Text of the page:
With multiple sites in three global regions, it is difficult for Celanese to compare the health and strength of individual site energy programs with a one-size-fits-all assessment tool. The plants, resources, culture, and maturity of the energy programs are different at each site.
Celanese identified 41 elements of a strong EMS; however, not all 41 elements are evenly weighted or are important to all sites due to variables such as the amount and cost of energy usage, business risk, and priority. Using an assessment tool with one level of expectation for all these elements to assess all sites and the enterprise program can result in setting non-valuable improvement goals, while weakening the ability to develop strong continuous improvement actions.
Within the seven foundational principles of energy management that define the Celanese energy program, the company identified 41 key elements that are indicators of the strength and health of a robust EMS. Each element defines an energy program competency, has expected performance criteria, and has questions to clarify the expectation required for proficiency. In the process of developing the seven principles and 41 energy elements, Celanese realized that not all sites would be expected to be proficient at all 41 elements, and more importantly, there would not be value in requiring all sites to be proficient in every element.
To optimize the assessment tool, Celanese developed an energy system assessment pyramid. The pyramid arranges the 41 elements in a four-level hierarchy of competency levels. The pyramid assists the sites in evaluating the energy program at various levels in a customizable tool. The level of expected proficiency at each level is matched to resources, energy program maturity, and business need. The levels are as follows:
The assessment tool was developed over three months, and the 41 elements were developed based on energy management systems from best practices from DOE Better Plants, ENERGY STAR, ISO50001, and Celanese-specific concepts.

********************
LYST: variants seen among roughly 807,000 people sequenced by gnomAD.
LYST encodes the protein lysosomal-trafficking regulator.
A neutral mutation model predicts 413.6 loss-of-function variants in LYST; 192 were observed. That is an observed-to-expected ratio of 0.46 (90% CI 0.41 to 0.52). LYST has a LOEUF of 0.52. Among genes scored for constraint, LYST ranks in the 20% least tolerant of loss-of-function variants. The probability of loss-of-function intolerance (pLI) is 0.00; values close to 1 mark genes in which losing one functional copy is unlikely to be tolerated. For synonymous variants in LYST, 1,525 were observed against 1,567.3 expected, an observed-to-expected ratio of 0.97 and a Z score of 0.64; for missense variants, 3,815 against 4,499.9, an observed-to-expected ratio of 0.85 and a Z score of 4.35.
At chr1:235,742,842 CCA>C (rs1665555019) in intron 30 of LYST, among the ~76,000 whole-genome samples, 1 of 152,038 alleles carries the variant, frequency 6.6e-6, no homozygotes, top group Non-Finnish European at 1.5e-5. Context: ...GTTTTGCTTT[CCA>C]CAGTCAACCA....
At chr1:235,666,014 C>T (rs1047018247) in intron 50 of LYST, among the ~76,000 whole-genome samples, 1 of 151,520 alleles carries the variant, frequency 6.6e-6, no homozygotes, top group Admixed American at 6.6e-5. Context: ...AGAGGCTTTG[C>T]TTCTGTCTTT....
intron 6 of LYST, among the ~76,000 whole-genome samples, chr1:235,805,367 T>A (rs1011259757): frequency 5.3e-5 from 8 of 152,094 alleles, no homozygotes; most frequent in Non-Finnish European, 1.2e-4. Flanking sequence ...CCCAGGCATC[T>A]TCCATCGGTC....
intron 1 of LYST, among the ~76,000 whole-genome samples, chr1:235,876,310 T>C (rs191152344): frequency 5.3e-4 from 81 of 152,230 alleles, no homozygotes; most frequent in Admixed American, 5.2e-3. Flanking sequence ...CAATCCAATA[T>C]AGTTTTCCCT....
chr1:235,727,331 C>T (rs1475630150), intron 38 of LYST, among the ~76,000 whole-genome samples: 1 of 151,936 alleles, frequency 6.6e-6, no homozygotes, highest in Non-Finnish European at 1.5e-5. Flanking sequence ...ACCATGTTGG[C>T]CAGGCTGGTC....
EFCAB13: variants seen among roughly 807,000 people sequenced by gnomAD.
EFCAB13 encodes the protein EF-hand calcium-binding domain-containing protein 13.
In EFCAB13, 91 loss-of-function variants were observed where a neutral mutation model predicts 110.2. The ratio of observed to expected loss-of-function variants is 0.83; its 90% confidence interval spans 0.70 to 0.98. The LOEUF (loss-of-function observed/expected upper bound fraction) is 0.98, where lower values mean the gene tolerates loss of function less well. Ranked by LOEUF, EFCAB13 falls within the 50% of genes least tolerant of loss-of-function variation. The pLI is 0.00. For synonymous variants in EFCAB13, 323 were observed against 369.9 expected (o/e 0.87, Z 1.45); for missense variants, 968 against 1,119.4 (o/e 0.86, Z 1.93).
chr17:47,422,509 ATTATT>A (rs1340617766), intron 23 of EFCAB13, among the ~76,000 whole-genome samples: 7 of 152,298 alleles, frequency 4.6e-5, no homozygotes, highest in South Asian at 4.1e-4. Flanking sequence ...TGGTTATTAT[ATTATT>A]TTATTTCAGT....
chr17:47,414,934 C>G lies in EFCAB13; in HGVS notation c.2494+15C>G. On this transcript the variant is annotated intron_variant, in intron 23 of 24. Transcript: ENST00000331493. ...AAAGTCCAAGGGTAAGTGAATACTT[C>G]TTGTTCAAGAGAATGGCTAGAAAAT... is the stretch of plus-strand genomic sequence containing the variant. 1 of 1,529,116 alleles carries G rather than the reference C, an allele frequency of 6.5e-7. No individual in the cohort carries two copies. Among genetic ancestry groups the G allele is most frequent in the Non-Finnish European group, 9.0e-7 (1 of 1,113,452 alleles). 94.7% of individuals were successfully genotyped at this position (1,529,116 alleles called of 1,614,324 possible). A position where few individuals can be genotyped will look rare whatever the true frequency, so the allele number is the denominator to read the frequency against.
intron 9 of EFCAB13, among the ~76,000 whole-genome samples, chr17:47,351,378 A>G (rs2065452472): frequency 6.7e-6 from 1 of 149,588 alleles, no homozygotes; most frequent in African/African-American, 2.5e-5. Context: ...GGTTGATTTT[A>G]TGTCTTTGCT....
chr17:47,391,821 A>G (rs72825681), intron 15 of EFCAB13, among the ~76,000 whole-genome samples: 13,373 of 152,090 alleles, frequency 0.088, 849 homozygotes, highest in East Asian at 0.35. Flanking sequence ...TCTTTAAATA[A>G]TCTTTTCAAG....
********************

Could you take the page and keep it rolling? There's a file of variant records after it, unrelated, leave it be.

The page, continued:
The actual EMS assessment is conducted with a small team of site personnel, preferably those with a wide perspective of the energy program, including operators, shift leaders, and mechanics. These individuals can add different viewpoints to the evaluation. Each element is reviewed and scored using the matrix assessment tool. The discussion starts with some basic background questions to frame the element and criteria for competency of the element. The team discusses the level of site competency, execution and sustainability of each item, and whether it meets the expected criteria. Personnel take notes in the tool to describe the current site competency of each element. If needed, a spot check of documentation or field checks can be used to confirm the score.
Each item is scored with a red/yellow/green indicator. When the assessment is finished, a complete representation of the status of the energy program’s effectiveness is prepared in a simple visual chart. Trends and outliers are easily visible using the color codes. The primary metrics of an energy program include energy intensity reduction and energy productivity; other metrics specific to the assessment tool include the number of sites that have completed the assessment matrix and developed a long-term action plan.
Secondary performance metrics include the number of actions developed and completed as part of the assessment, as well as improvement of the assessment matrix, with the number of elements improving (moving from red to yellow to green) over time.
Using the assessment matrix of energy systems, along with the gaps identified and the business objectives and culture of the plant, Celanese personnel develop a plan to improve the energy program, including providing information on the timeline, due dates, and staff responsible for implementing the plan.
Through the development of an EMS assessment tool, site energy management systems improve, energy intensity increases, and GHG and energy costs decrease across sites. This project enables identification of energy system shortcomings and continuous improvement opportunities. Sites use the results of this tool to develop short- and long-term actions for EMS improvement.
The use of the pyramid and the tiered approach allow for sites to focus on the elements that add value to the site, and it enables sites to work on implementing foundation and basic elements with rigor before trying to improve higher-level elements. It also removes the expectation that the site work on and commit resources to completing leader-level elements when they are not needed or required.
As more sites complete the matrix, Celanese can perform an enterprise-wide assessment to determine where there are consistent strengths and weaknesses of the overall energy program, allowing the company to take action to improve the global energy program.
Strengthening the site EMS allows for effective execution of site energy programs and has contributed to implementation of energy projects in 2017; resulting in 1.7% energy cost productivity with 18 energy reduction projects and an energy intensity improvement of 2.9% year over year, compared to 2016 from the Celanese DOE Better Plant Partner sites.